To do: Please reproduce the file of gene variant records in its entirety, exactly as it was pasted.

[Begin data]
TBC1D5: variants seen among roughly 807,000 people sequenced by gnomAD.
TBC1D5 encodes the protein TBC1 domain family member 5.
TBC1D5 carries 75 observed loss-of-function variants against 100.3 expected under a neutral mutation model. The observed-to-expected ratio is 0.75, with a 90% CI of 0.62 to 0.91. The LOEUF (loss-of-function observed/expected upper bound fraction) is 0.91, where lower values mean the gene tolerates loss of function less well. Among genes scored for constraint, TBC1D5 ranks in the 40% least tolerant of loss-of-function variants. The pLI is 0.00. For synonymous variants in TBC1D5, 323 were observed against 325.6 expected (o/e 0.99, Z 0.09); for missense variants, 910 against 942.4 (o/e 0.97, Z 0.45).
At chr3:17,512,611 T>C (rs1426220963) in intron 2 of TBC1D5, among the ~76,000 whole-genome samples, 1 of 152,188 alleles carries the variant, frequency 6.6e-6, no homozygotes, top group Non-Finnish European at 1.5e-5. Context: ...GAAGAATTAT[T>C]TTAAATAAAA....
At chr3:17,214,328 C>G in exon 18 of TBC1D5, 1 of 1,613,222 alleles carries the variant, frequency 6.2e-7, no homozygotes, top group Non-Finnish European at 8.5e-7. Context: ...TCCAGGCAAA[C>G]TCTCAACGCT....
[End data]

TBC1D5: variants seen among roughly 807,000 people sequenced by gnomAD.
TBC1D5 encodes the protein TBC1 domain family member 5.
TBC1D5 carries 75 observed loss-of-function variants against 100.3 expected under a neutral mutation model. The observed-to-expected ratio is 0.75, with a 90% CI of 0.62 to 0.91. The LOEUF (loss-of-function observed/expected upper bound fraction) is 0.91, where lower values mean the gene tolerates loss of function less well. Among genes scored for constraint, TBC1D5 ranks in the 40% least tolerant of loss-of-function variants. The pLI is 0.00. For synonymous variants in TBC1D5, 323 were observed against 325.6 expected (o/e 0.99, Z 0.09); for missense variants, 910 against 942.4 (o/e 0.97, Z 0.45).
At chr3:17,512,611 T>C (rs1426220963) in intron 2 of TBC1D5, among the ~76,000 whole-genome samples, 1 of 152,188 alleles carries the variant, frequency 6.6e-6, no homozygotes, top group Non-Finnish European at 1.5e-5. Context: ...GAAGAATTAT[T>C]TTAAATAAAA....
At chr3:17,214,328 C>G in exon 18 of TBC1D5, 1 of 1,613,222 alleles carries the variant, frequency 6.2e-7, no homozygotes, top group Non-Finnish European at 8.5e-7. Context: ...TCCAGGCAAA[C>G]TCTCAACGCT....